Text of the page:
top of page

Masako’s Story As Told to Her Daughter

Monday, Aug. 6, 1945, 8:15 a.m. My 15-year-old sister, Yoneko, was already at school doing morning taiso exercises in the yard; 13-year-old brother, Satoru, was with his middle school classmates at their civic duty site doing chores. I was 23, at home alone after the others had gone, washing the morning dishes at the kitchen sink, a mile from Sangyo Shorei Kan, the Trade Promotion Hall.

Suddenly, I saw a blinding flash and knew instinctively to run toward the center of the house. Even as I turned, there was a deafening noise and the house collapsed on top of me.

Laying there, the Nembutsu was all I could say, over and over. I heard a sound like rolling thunder, going on and on. After everything stopped, I struggled out of the rubble. My ankle was bleeding and my left wrist bone was exposed, blood spurting everywhere. I found two rags and bound them as best I could. I grabbed the parcel bag containing important papers and left. Surprisingly, I was not afraid, and felt instead a deep calm that I credit to a connection to hotokesama, Amida Buddha. Death was very near and yet I had no fear in that moment.

Once outside, I couldn’t believe the sight before me. In every direction, all the houses as far as I could see were leveled. I could smell smoke in the air, and I knew I had to leave the city as soon as possible.

I headed to the northeast toward Niho, past Hijiyama Mountain, where I had friends living on the outskirts of town, three to four miles away. I passed sites I will never forget. A woman was circling the ruins of her house and calling out for her elderly mother. A mother was trying to coax her child to her, but he wouldn’t come because she looked so frightening.

Hiroshima is built on a delta of five rivers, and I worried that the bridges would be out. As I crossed over one river, it was filled with black mud and debris. I learned later that these rivers were filled with thousands of survivors trying to find relief from their burns and it is where most of them died.

After walking about three miles, I made my way to my friend, Nishimoto-san’s house, and knocked on her door. When she answered, she was so frightened by my appearance that she slammed the door in my face, afraid to let me in.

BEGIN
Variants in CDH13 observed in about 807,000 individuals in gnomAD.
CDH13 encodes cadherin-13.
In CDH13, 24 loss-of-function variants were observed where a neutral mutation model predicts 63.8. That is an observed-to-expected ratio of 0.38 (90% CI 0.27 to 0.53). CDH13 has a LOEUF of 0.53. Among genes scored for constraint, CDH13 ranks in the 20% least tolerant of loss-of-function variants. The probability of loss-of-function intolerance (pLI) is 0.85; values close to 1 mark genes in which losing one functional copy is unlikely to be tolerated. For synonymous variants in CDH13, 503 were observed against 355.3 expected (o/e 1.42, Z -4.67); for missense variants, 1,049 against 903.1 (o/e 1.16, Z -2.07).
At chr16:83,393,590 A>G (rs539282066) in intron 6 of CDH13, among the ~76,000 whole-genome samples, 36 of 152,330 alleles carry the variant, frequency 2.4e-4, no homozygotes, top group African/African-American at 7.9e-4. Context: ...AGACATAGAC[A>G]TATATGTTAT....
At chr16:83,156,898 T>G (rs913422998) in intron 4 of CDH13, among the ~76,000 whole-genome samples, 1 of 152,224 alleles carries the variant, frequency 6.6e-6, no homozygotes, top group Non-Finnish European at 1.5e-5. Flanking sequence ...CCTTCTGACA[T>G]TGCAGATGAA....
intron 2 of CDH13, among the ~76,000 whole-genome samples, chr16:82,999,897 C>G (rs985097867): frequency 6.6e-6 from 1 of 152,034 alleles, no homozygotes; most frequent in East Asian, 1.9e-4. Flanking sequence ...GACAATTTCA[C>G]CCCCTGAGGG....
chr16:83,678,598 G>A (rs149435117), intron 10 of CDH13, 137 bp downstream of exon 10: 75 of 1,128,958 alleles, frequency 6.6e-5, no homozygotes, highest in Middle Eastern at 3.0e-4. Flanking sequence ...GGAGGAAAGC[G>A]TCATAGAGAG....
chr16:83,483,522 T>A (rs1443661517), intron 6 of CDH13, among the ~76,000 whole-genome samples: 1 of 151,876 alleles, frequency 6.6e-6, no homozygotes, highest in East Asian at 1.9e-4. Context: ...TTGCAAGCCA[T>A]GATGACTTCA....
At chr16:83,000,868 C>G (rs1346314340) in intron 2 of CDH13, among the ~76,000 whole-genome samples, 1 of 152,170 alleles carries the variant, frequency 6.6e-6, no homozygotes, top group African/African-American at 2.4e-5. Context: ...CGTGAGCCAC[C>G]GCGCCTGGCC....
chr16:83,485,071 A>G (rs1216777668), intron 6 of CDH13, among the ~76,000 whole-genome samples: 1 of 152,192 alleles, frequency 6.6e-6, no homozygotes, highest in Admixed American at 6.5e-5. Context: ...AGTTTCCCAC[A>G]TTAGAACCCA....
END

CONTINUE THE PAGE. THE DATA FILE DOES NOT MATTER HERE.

I must have been a sight — torn and filthy clothes, my body covered in ash and debris, my hair sticking straight up. Too weary to try again, I turned and walked to Takeuchi-san’s house, where I collapsed.

Three days later, I found myself in a makeshift hospital in a mountain cave. I had lost a lot of blood and my white cell count was dangerously low. It was there that I heard of the bombing of Nagasaki and, a week later, the previously never-before-heard voice of the emperor telling us, “we must endure the unendurable,” as Japan surrendered.

Indeed, the years both before and after were extremely hard. In 1935, my sister and I were sent to study in Japan; the country had been continuously at war since 1931. We were always hungry. By 1945, most of the men were gone and all that remained in the city were women, children and the elderly.

In the aftermath of the bomb, the smell of cremated bodies hung over the city for years as people continued to die from their injuries and radiation sickness.

My sister, Yoneko, died, as did anyone who had been outside. A one-hour delay would have put students indoors and many more would have survived. We were told she lingered for three days at the relocation site she was taken to. My father searched for her, but only discovered her whereabouts after her death. He was given her school uniform and a container they said contained her ashes.

Satoru’s school duty that morning took him past Ground Zero just 10 minutes before the explosion. He was less than a mile away but was saved by the protection of a concrete building. My house was a mile from Ground Zero. As I turned away from the kitchen window, the blast pelted my back with shattered glass, fragments of which still remain in my body.

In September, I will turn 101 (years old). I have never had any bitterness or anger about the bombing of Hiroshima, although the death of so many, including my sister, will always be a source of sadness.

The teachings have taught me that the causes and conditions that led to that moment are too numerous to calculate and assigning blame or bitterness is impossible. At the cost of so many lives, the world learned many valuable lessons from that day. The A-Bomb completely altered my life, but the Buddha-Dharma and shinjin allowed me to move forward and find a meaningful life nonetheless.

As I reflect on that day and every day since, I have a deep sense of gratitude for the life the Nembutsu has given me. I have always told my children that I am the luckiest person in the world, grateful for all that I have received, despite and because of my undeserving foolish self. Namo amida butsu.



bottom of page